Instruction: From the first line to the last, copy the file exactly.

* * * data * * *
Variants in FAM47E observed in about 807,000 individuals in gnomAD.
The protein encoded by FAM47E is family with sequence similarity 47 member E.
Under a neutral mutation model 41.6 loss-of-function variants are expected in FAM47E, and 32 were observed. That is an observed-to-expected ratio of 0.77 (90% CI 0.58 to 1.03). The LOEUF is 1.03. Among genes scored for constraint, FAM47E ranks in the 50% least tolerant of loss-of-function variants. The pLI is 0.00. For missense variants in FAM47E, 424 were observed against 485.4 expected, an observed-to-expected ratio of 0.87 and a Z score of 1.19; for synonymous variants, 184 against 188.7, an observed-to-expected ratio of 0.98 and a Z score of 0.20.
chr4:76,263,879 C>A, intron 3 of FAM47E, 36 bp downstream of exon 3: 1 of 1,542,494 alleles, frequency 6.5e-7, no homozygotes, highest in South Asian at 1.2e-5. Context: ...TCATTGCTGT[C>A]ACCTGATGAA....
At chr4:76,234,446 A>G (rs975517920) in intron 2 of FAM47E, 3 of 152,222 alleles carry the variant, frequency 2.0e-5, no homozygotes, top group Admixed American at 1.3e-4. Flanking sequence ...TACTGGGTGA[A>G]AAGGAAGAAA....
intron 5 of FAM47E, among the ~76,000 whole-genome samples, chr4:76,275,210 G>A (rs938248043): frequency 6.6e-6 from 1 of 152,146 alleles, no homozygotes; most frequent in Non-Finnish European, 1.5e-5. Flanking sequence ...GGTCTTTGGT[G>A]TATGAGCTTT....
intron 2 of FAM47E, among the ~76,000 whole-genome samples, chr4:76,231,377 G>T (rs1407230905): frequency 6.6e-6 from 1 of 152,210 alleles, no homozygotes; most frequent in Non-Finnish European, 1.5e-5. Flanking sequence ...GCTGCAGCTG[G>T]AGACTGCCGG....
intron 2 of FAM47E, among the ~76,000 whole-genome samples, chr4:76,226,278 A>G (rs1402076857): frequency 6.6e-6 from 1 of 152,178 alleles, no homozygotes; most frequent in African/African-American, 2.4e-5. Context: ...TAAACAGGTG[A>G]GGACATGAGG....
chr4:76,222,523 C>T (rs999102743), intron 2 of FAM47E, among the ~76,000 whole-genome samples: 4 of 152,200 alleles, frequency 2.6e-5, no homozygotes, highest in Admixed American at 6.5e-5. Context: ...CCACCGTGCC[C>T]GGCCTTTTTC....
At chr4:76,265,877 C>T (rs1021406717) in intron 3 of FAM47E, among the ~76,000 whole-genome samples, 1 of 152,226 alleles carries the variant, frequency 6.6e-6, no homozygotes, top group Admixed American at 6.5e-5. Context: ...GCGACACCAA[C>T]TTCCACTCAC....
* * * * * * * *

Variants in FAM47E observed in about 807,000 individuals in gnomAD.
The protein encoded by FAM47E is family with sequence similarity 47 member E.
Under a neutral mutation model 41.6 loss-of-function variants are expected in FAM47E, and 32 were observed. That is an observed-to-expected ratio of 0.77 (90% CI 0.58 to 1.03). The LOEUF is 1.03. Among genes scored for constraint, FAM47E ranks in the 50% least tolerant of loss-of-function variants. The pLI is 0.00. For missense variants in FAM47E, 424 were observed against 485.4 expected, an observed-to-expected ratio of 0.87 and a Z score of 1.19; for synonymous variants, 184 against 188.7, an observed-to-expected ratio of 0.98 and a Z score of 0.20.
chr4:76,263,879 C>A, intron 3 of FAM47E, 36 bp downstream of exon 3: 1 of 1,542,494 alleles, frequency 6.5e-7, no homozygotes, highest in South Asian at 1.2e-5. Context: ...TCATTGCTGT[C>A]ACCTGATGAA....
At chr4:76,234,446 A>G (rs975517920) in intron 2 of FAM47E, 3 of 152,222 alleles carry the variant, frequency 2.0e-5, no homozygotes, top group Admixed American at 1.3e-4. Flanking sequence ...TACTGGGTGA[A>G]AAGGAAGAAA....
intron 5 of FAM47E, among the ~76,000 whole-genome samples, chr4:76,275,210 G>A (rs938248043): frequency 6.6e-6 from 1 of 152,146 alleles, no homozygotes; most frequent in Non-Finnish European, 1.5e-5. Flanking sequence ...GGTCTTTGGT[G>A]TATGAGCTTT....
intron 2 of FAM47E, among the ~76,000 whole-genome samples, chr4:76,231,377 G>T (rs1407230905): frequency 6.6e-6 from 1 of 152,210 alleles, no homozygotes; most frequent in Non-Finnish European, 1.5e-5. Flanking sequence ...GCTGCAGCTG[G>T]AGACTGCCGG....
intron 2 of FAM47E, among the ~76,000 whole-genome samples, chr4:76,226,278 A>G (rs1402076857): frequency 6.6e-6 from 1 of 152,178 alleles, no homozygotes; most frequent in African/African-American, 2.4e-5. Context: ...TAAACAGGTG[A>G]GGACATGAGG....
chr4:76,222,523 C>T (rs999102743), intron 2 of FAM47E, among the ~76,000 whole-genome samples: 4 of 152,200 alleles, frequency 2.6e-5, no homozygotes, highest in Admixed American at 6.5e-5. Context: ...CCACCGTGCC[C>T]GGCCTTTTTC....
At chr4:76,265,877 C>T (rs1021406717) in intron 3 of FAM47E, among the ~76,000 whole-genome samples, 1 of 152,226 alleles carries the variant, frequency 6.6e-6, no homozygotes, top group Admixed American at 6.5e-5. Context: ...GCGACACCAA[C>T]TTCCACTCAC....